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      Morphometric comparisons of plant-mimetic juvenile fish associated with plant debris observed in the coastal subtropical waters around Kuchierabu-jima Island, southern Japan

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          Abstract

          The general morphological shape of plant-resembling fish and plant parts were compared using a geometric morphometrics approach. Three plant-mimetic fish species, Lobotes surinamensis (Lobotidae), Platax orbicularis (Ephippidae) and Canthidermis maculata (Balistidae), were compared during their early developmental stages with accompanying plant debris (i.e., leaves of several taxa) in the coastal subtropical waters around Kuchierabu-jima Island, closely facing the Kuroshio Current. The degree of similarity shared between the plant parts and co-occurring fish species was quantified, however fish remained morphologically distinct from their plant models. Such similarities were corroborated by analysis of covariance and linear discriminant analysis, in which relative body areas of fish were strongly related to plant models. Our results strengthen the paradigm that morphological clues can lead to ecological evidence to allow predictions of behavioural and habitat choice by mimetic fish, according to the degree of similarity shared with their respective models. The resemblance to plant parts detected in the three fish species may provide fitness advantages via convergent evolutionary effects.

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          Most cited references 51

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          Fishes of the World

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            An overview of the relationships between mimicry and crypsis

             John Endler (1981)
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              Masquerade: camouflage without crypsis.

              Masquerade describes the resemblance of an organism to an inedible object and is hypothesized to facilitate misidentification of that organism by its predators or its prey. To date, there has been no empirical demonstration of the benefits of masquerade. Here, we show that two species of caterpillar obtain protection from an avian predator by being misidentified as twigs. By manipulating predators' previous experience of the putative model but keeping their exposure to the masquerader the same, we determined that predators misidentify masquerading prey as their models, rather than simply failing to detect them.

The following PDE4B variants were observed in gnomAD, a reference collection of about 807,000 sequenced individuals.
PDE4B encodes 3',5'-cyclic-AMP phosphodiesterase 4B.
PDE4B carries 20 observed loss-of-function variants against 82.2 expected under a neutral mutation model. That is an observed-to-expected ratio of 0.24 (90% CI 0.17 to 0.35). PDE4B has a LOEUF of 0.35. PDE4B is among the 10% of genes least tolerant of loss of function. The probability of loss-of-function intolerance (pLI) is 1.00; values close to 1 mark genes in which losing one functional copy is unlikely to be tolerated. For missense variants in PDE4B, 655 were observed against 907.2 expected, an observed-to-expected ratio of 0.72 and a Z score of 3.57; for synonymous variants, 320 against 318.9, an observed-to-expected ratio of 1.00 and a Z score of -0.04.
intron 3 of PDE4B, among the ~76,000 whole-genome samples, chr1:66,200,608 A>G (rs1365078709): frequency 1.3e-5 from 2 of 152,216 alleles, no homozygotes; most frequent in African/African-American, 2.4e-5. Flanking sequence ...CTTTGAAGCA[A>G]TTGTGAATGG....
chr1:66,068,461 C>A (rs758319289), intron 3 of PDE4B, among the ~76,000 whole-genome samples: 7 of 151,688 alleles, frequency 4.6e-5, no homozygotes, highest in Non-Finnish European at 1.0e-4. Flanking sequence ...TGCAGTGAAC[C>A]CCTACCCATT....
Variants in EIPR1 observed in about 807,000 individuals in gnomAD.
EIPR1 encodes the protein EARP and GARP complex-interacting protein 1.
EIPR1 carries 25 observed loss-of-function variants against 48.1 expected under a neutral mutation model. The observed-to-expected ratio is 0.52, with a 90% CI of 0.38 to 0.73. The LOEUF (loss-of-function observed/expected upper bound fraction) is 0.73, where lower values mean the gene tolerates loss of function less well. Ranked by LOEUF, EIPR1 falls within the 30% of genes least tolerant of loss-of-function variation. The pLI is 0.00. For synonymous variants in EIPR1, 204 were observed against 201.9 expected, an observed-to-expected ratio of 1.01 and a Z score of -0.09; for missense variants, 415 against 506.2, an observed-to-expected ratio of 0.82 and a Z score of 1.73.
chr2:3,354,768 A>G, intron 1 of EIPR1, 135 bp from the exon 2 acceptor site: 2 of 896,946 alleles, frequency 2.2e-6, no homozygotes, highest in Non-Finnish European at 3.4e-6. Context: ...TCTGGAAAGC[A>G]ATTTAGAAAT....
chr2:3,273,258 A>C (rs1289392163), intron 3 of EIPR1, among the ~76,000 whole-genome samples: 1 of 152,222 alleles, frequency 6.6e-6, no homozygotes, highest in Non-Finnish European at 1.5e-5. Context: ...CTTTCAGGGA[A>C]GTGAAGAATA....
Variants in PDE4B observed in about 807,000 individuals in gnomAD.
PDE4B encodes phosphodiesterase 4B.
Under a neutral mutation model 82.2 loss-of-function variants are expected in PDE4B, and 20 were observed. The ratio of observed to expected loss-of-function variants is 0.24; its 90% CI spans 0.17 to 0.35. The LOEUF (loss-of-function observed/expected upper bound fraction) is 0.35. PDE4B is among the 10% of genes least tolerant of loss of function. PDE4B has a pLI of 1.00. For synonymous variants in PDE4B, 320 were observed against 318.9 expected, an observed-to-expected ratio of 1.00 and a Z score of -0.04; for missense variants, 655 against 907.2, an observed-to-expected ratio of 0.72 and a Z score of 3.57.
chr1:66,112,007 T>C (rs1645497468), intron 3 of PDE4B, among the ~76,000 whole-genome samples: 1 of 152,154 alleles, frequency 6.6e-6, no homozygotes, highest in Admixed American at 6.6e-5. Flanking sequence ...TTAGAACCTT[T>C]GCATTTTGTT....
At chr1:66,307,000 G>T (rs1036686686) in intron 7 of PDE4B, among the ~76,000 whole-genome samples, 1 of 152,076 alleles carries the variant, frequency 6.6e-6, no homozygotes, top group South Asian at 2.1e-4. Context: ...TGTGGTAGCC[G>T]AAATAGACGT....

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                Author and article information

                Contributors
                Journal
                PeerJ
                PeerJ
                peerj
                peerj
                PeerJ
                PeerJ Inc. (San Francisco, USA )
                2167-8359
                26 July 2016
                2016
                : 4
                Affiliations
                [1 ]Instituto de Estudos Costeiros, Laboratório de Evolução, Universidade Federal do Pará , Bragança, Pará, Brazil
                [2 ]Graduate School of Biosphere Science, Laboratory of Aquatic Resources, Hiroshima University , Higashi-Hiroshima, Japan
                [3 ]Centro de Investigação em Biodiversidade e Recursos Genéticos, Universidade do Porto , Vairão, Portugal
                [4 ]Campus de Capanema, Universidade Federal Rural da Amazônia , Capanema, Pará, Brazil
                Article
                2268
                10.7717/peerj.2268
                4974952
                27547571
                ©2016 Queiroz et al.

                This is an open access article distributed under the terms of the Creative Commons Attribution License, which permits unrestricted use, distribution, reproduction and adaptation in any medium and for any purpose provided that it is properly attributed. For attribution, the original author(s), title, publication source (PeerJ) and either DOI or URL of the article must be cited.

                Funding
                Funded by: CAPES
                Award ID: process #6718-10-8
                Funded by: FAPESPA
                Award ID: process #456780/2012
                This study was financially supported by CAPES (process #6718-10-8), FAPESPA (process # 456780/2012), and the following research projects: “Fluxos (Água, Sedimentos, Nutrientes e Plâncton) Amazônicos ao longo do Continuum Rio-Estuário-Costa e Implicações para a Biodiversidade Vegetal Costeira Amazônica” (Programa CAPES Pró-Amazônia: Biodiversidade e Sustentabilidade—Edital 047/2012) AUXPE no. 3290/2013, and “Descoberta de um Novo Bioma Marinho Amazônico” (Programa IODP/CAPES-Brasil—Edital 038/2014) Processo no. 88887.091707/2014-01. The funders had no role in study design, data collection and analysis, decision to publish, or preparation of the manuscript.
                Categories
                Animal Behavior
                Aquaculture, Fisheries and Fish Science
                Ecology
                Marine Biology
                Zoology

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